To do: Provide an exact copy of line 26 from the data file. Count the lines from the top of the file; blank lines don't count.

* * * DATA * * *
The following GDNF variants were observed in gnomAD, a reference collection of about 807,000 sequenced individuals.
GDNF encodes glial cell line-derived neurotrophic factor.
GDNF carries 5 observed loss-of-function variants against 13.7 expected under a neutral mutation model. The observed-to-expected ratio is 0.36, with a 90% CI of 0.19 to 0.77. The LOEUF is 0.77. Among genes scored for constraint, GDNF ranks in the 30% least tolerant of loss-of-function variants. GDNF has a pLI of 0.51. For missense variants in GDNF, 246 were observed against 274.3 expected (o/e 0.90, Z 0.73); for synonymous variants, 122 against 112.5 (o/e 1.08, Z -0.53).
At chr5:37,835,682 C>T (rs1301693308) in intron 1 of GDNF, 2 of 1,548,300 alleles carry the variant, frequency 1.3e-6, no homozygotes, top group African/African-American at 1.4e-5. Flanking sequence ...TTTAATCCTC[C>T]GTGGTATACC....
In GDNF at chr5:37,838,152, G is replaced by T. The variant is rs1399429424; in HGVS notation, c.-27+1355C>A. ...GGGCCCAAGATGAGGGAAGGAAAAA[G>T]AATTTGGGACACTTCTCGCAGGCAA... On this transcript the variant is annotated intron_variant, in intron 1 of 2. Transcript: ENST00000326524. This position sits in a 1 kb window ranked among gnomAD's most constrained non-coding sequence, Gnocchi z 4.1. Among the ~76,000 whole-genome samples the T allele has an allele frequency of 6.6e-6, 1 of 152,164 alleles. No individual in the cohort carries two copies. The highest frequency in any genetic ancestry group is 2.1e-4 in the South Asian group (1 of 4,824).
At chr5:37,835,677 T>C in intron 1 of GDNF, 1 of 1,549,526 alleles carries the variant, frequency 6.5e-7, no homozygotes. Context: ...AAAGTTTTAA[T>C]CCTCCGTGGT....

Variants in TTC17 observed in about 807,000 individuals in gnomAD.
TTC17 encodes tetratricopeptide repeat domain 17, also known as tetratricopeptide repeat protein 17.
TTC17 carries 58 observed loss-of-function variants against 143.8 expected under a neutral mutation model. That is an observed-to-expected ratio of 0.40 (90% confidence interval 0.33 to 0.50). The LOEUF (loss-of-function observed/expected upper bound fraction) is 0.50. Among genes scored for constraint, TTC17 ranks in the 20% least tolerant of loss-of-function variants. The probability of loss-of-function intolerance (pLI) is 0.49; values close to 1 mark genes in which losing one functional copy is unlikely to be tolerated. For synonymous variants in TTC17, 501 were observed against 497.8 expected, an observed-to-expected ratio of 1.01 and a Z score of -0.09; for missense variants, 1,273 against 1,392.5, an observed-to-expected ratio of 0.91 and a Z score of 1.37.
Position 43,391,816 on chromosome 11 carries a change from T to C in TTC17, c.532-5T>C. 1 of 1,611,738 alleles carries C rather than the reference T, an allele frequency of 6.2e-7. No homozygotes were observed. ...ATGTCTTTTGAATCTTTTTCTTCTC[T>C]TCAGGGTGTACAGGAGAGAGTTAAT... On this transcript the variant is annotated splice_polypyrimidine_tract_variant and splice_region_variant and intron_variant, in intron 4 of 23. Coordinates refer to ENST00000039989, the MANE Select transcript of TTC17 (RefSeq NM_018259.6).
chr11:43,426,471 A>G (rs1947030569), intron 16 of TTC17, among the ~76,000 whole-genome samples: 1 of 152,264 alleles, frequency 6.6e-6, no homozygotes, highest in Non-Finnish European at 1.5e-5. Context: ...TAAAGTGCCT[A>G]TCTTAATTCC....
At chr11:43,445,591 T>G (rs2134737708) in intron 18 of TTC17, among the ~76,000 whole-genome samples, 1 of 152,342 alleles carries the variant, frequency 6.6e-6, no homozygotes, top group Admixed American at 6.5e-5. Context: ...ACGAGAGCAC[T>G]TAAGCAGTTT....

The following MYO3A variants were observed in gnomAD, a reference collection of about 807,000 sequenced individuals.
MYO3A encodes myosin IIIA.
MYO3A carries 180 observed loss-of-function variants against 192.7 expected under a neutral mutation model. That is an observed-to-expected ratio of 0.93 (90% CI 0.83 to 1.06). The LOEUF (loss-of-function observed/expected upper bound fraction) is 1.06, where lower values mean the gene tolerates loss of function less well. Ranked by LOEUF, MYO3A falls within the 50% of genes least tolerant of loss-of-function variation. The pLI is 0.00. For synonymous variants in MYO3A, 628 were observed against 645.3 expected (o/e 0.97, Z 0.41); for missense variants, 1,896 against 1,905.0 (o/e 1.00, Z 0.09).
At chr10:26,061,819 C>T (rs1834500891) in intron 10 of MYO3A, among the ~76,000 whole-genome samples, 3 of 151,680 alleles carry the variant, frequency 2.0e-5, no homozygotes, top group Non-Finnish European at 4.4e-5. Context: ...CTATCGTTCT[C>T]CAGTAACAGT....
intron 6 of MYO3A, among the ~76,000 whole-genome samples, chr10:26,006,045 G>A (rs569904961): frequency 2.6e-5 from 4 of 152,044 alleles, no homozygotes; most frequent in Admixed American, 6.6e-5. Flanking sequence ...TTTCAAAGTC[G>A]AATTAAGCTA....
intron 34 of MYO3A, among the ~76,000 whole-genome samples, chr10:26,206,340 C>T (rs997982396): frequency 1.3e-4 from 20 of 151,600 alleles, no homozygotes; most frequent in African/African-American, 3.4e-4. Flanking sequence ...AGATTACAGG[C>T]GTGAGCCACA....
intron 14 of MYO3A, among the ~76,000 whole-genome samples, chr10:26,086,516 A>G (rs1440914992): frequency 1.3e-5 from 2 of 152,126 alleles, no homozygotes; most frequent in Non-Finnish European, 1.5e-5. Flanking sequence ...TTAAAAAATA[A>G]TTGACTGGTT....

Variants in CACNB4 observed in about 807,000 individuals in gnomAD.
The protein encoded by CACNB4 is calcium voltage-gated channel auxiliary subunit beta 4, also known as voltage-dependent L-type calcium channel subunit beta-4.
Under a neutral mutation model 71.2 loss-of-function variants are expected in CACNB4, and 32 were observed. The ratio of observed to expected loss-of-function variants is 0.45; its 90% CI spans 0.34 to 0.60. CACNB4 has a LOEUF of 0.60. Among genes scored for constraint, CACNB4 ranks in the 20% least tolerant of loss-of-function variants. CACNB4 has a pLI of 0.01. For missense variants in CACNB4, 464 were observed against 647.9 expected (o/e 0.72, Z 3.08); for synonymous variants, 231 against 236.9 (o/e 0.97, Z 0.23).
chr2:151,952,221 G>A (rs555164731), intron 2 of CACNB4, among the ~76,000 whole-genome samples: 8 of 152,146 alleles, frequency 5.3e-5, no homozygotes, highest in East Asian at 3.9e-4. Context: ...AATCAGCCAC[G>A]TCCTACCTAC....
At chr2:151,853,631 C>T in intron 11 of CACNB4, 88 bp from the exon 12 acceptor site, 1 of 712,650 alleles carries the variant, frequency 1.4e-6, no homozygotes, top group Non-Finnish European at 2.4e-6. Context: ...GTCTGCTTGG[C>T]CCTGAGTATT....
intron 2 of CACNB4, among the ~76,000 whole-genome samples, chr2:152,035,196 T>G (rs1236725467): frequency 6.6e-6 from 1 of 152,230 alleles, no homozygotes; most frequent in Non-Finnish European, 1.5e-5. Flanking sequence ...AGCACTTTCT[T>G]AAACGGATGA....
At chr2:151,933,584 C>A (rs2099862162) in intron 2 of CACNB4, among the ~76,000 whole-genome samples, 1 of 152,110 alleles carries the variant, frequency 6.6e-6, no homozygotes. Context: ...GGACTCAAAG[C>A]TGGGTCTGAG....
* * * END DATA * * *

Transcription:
At chr2:151,933,584 C>A (rs2099862162) in intron 2 of CACNB4, among the ~76,000 whole-genome samples, 1 of 152,110 alleles carries the variant, frequency 6.6e-6, no homozygotes. Context: ...GGACTCAAAG[C>A]TGGGTCTGAG....